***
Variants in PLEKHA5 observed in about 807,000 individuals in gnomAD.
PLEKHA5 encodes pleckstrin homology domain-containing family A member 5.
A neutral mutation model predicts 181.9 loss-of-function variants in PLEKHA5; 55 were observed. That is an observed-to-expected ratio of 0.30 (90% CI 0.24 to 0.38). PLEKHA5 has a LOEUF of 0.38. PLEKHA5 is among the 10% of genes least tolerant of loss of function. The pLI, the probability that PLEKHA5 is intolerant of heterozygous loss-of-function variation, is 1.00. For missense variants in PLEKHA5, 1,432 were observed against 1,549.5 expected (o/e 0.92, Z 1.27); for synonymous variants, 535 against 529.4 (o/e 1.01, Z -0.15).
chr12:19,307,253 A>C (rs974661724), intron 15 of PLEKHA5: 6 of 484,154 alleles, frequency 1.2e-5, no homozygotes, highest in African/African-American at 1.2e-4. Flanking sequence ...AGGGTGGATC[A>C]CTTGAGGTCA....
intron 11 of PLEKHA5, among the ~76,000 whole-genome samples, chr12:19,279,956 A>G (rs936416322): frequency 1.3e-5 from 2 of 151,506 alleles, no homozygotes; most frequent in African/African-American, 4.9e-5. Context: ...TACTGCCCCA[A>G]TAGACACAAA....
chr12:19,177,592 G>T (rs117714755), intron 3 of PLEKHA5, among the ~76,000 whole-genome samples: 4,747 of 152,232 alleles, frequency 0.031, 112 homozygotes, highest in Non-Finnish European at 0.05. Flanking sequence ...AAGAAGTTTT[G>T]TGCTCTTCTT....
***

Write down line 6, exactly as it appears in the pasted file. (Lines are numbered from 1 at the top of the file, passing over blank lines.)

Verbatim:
chr12:19,177,592 G>T (rs117714755), intron 3 of PLEKHA5, among the ~76,000 whole-genome samples: 4,747 of 152,232 alleles, frequency 0.031, 112 homozygotes, highest in Non-Finnish European at 0.05. Flanking sequence ...AAGAAGTTTT[G>T]TGCTCTTCTT....